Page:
Statistics

HIV and Gay and Bisexual Men

Gay and bisexual men are the population most affected by HIV in the United States. In 2016, gay and bisexual men accounted for 67% of the 40,324 new HIV diagnoses in the United States and 6 dependent areas. Approximately 492,000 sexually active gay and bisexual men are at high risk for HIV;

HIV Diagnoses

In 2016, gay and bisexual men accounted for 67% (26,844) of all HIV diagnoses and 82% of diagnoses among males aged 13 and older.

    • Among all gay and bisexual men who received an HIV diagnosis in the United States and 6 dependent areas, blacks/African Americans accounted for the highest number (10,226; 38%), followed by Hispanics/Latinos (7,689; 29%) and whites (7,392; 28%). Other races/ethnicities accounted for 1,537 (6%) diagnoses among gay and bisexual men.
    • Gay and bisexual men aged 13 to 34 account for two-thirds (64%) of HIV diagnoses among all gay and bisexual men. But the age distribution varies by race/ethnicity.
    • African American: 36% (3,720) were aged 13 to 24; 39% (3,994) were aged 25 to 34; 13% (1,291) were aged 35 to 44; 8% (808) were aged 45 to 54; and 4% (413) were aged 55 and older.
    • Hispanic/Latino: 23% (1,751) were aged 13 to 24; 41% (3,181) were aged 25 to 34; 21% (1,578) were aged 35 to 44; 12% (885) were aged 45 to 54; and 4% (293) were aged 55 and older.
    • White: 15% (1,095) were aged 13 to 24; 32% (2,340) were aged 25 to 34; 19% (1,414) were aged 35 to 44; 22% (1,598) were aged 45 to 54; and 13% (946) were aged 55 and older.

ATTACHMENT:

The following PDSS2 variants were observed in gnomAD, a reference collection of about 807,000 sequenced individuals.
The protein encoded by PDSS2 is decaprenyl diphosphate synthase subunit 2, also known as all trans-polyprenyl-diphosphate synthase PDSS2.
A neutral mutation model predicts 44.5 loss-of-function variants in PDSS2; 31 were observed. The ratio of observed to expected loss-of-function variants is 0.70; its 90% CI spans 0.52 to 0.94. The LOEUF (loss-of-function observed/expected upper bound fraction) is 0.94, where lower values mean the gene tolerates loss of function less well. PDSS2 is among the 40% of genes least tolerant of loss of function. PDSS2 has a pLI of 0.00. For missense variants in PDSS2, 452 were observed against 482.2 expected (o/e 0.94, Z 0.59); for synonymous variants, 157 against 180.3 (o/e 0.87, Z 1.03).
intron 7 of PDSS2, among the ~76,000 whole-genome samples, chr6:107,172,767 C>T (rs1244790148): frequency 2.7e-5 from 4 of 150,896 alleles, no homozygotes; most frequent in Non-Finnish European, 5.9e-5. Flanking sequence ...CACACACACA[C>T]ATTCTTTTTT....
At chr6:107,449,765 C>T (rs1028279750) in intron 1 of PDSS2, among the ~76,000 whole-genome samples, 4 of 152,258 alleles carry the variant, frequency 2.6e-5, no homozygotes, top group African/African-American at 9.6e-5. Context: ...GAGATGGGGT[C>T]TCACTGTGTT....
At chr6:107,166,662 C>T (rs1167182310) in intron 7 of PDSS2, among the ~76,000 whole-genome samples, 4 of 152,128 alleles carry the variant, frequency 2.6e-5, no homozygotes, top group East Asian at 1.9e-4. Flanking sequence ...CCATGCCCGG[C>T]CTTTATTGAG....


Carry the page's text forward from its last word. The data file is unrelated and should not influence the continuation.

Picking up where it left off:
• Other races/ethnicities: 23% (351) were aged 13 to 24; 41% (626) were aged 25 to 34; 19% (299) were aged 35 to 44; 11% (172) were aged 45 to 54; and 6% (94) were aged 55 and older.

From 2011 to 2015:

HIV diagnoses remained stable at about 26,000 per year among all gay and bisexual men. Trends for HIV diagnoses among gay and bisexual men varied by race/ethnicity.

      • African American: Remained stable.
      • Hispanic/Latino: Increased 13%.
      • Asian: Increased 35%.
      • White: Decreased 10%.
      • Other races/ethnicities: Decreased 23%.

Trends for HIV diagnoses among gay and bisexual men also varied by age.

      • Ages 13 to 24: Remained stable.
      • Ages 25 to 34: Increased 21%.
      • Ages 35 to 44: Decreased 15%.
      • Ages 45 to 54: Decreased 14%.
      • Ages 55 and older: Remained stable.

HIV Diagnoses Among Gay and Bisexual Men
By Age and Race/Ethnicity in the United States and 6 Dependent Areas, 2016

This bar chart shows the number of HIV diagnoses among men who have sex with men by race/ethnicity and age at diagnosis in the United States and 6 dependent areas in 2016. White: 13-24=1,095; 25-34=2,340; 35-44=1,414; 45-54=1,598; 55 and older=946. Black: 13-24=3,720; 25-34=3,994; 35-44=1,291; 45-54=808; 55 and older=413. Hispanic: 13-24=1,751; 25-34=3,181; 35-44=1,578; 45-54=885; 55 and older=293. Asian: 13-24=127; 25-34=303; 35-44=175; 45-54=91; 55 and older=45.

Living With HIV

In the 50 states and the District of Columbia:

      • An estimated 632,300 gay and bisexual men had HIV at the end of 2015, representing 56% of everyone with HIV.g By race/ethnicity, 240,900 were white, 201,800 were African American, 151,200 were Hispanic/Latino, and 38,400 were other races/ethnicities.